Fourslide Technology Proves Efficient
for Small, Intricate Parts
Wire and strip metal parts with multiple bends run quickly with
Fourslide technology (also referred to as 4 slide, four slide, and
multislide) is an excellent process for stamping and forming small,
intricate parts with multiple bends from wire or thin strip metal.
Proponents of this unique metal forming technology state that many
types of parts that are produced on conventional punch presses could
be made at a lower cost with less complicated tooling on fourslide
With fourslide equipment, the part is formed by four forming tools,
which slide into the part intermittently at right angles to each other
in one cycle of the machine. The wire or strip is first fed through a
straightener from a coil or spool, then it enters a punching or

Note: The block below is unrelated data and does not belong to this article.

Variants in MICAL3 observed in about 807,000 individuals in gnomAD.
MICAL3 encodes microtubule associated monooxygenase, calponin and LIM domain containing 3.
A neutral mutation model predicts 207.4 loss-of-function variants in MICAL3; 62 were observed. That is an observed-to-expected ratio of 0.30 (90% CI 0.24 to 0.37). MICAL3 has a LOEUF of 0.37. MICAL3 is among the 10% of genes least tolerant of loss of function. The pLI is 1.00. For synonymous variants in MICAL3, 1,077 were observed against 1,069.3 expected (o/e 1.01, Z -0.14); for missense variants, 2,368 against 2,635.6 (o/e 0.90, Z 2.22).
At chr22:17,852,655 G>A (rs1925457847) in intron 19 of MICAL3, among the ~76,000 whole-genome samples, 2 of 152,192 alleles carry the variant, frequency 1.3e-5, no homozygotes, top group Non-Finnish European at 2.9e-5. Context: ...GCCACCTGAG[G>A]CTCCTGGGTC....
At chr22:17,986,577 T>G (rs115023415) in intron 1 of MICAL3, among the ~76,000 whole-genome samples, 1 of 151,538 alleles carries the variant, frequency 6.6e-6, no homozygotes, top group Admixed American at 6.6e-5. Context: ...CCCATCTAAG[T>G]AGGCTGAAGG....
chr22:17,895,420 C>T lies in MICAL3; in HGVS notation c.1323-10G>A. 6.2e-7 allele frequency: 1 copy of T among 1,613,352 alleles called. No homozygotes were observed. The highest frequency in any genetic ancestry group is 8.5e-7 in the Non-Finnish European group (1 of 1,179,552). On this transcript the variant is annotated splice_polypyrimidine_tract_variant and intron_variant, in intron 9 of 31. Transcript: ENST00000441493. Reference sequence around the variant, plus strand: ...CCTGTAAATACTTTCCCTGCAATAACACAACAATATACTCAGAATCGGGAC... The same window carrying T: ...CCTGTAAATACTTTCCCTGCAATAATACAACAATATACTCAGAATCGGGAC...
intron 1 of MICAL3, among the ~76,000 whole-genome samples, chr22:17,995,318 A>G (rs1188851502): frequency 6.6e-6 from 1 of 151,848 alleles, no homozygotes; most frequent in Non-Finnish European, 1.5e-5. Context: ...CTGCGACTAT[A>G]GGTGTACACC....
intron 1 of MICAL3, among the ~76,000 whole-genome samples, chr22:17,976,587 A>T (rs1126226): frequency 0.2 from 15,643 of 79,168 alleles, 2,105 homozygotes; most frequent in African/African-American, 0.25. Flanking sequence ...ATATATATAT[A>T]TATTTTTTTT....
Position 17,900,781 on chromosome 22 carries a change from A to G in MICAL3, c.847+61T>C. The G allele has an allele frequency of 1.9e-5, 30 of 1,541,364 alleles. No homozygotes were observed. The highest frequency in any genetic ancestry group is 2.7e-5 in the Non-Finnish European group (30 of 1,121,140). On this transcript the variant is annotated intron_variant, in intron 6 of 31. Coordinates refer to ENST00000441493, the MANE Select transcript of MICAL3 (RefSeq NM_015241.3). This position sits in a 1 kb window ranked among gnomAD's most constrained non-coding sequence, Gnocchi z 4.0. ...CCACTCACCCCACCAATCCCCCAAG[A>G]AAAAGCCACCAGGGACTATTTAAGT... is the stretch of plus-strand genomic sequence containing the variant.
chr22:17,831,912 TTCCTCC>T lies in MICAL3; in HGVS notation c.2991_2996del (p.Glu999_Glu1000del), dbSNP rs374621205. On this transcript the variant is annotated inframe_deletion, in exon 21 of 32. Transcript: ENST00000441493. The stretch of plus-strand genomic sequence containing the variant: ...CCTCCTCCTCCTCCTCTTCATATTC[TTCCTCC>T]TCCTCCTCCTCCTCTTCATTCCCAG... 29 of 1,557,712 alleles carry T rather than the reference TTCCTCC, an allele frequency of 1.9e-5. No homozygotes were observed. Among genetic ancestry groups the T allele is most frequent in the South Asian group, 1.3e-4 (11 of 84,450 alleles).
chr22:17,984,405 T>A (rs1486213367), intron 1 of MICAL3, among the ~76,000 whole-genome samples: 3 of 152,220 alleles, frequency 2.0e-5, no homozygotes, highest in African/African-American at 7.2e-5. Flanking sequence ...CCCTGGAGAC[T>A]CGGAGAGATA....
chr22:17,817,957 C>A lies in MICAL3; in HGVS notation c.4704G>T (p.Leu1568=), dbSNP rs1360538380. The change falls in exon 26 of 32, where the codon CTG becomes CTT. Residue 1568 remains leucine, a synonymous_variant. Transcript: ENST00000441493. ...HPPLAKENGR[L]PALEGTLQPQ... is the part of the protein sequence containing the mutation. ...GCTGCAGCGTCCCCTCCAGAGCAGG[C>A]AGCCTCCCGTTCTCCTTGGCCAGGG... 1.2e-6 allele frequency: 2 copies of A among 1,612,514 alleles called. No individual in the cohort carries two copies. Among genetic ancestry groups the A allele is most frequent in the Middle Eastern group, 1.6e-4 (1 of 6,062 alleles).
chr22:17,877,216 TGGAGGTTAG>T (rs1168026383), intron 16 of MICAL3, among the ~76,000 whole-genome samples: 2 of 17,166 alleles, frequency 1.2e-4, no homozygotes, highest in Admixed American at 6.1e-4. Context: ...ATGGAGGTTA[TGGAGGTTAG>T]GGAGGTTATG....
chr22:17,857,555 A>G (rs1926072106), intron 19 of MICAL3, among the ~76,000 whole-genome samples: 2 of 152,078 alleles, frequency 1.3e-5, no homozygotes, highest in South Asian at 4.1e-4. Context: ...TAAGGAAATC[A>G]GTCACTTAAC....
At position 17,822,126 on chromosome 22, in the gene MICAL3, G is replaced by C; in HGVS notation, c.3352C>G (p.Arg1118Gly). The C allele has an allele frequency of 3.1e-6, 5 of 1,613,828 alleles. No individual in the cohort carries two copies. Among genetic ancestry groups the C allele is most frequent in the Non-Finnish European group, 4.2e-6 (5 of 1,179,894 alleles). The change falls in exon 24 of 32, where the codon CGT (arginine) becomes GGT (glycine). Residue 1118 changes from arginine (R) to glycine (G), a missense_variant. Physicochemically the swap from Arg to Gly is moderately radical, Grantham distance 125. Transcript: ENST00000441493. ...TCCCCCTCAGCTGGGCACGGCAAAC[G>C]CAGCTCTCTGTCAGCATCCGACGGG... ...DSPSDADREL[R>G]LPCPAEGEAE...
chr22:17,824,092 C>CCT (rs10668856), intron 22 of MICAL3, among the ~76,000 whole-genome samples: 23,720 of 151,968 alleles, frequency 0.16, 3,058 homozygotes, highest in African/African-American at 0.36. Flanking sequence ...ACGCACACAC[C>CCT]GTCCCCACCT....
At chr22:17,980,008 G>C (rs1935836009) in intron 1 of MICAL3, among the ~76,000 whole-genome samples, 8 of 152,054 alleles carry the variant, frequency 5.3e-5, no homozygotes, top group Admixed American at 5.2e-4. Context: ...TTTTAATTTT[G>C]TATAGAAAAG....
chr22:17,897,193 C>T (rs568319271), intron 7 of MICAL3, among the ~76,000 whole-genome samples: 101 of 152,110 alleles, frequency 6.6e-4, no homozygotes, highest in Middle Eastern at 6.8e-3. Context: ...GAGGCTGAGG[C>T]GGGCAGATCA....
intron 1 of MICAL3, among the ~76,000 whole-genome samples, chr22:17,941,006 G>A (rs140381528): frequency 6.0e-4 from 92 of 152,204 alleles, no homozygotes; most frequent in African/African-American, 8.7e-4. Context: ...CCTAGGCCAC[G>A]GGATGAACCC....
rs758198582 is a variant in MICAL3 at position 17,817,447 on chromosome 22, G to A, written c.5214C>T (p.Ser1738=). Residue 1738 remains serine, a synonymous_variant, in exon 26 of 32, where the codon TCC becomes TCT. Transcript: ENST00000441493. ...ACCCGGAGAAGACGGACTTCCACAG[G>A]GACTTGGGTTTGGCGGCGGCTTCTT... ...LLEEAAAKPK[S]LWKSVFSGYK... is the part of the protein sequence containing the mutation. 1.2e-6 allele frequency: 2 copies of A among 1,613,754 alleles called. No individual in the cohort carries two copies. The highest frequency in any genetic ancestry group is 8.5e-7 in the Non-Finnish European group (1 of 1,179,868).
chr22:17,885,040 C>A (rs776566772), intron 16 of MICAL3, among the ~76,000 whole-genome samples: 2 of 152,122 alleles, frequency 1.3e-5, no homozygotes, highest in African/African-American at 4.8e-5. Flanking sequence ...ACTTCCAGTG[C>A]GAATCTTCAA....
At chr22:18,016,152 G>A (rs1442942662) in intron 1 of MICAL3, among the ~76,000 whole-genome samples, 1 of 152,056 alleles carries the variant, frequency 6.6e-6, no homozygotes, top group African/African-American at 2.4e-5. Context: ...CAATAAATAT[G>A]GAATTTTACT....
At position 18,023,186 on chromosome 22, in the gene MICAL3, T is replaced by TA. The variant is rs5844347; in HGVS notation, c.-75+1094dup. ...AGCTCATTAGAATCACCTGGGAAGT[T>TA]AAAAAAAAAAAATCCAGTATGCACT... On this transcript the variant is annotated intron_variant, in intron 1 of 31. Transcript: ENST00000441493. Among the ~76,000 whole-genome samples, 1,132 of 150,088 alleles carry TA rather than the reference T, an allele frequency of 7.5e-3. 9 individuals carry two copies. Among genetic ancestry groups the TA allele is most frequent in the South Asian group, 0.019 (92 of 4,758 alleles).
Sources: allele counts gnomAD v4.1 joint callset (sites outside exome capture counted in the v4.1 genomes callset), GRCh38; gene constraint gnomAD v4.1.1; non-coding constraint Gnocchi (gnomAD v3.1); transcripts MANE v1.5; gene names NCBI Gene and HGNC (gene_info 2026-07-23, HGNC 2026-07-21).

forming section. On traditional punch presses, the parts are carried
on a holding strip and each bend is performed one die, one punch at a
time, often with progressive tooling for complex parts.
The fourslide process is said to save on material costs because it
eliminates the standard metal carrying strip. In addition, many
fourslide machines are equipped with standard stamping sections with
dies for an initial blanking step to cut holes, slots, and notches in
Gambit Corporation, of Rohnert
Park, California, near San Francisco, is a contract manufacturer that
specializes in fourslide metalforming operations for a variety of
diverse clients. Gambit produces a
multitude of clips, clamps, contacts, pins, fasteners, brackets,
terminals, probes, and flat springs, mostly for the medical,
electronics, semi-conductor, and computer industries.
We specialize in very small parts, ones that many shops don't want
to do. Some parts are so small we have to magnify them 10 to 20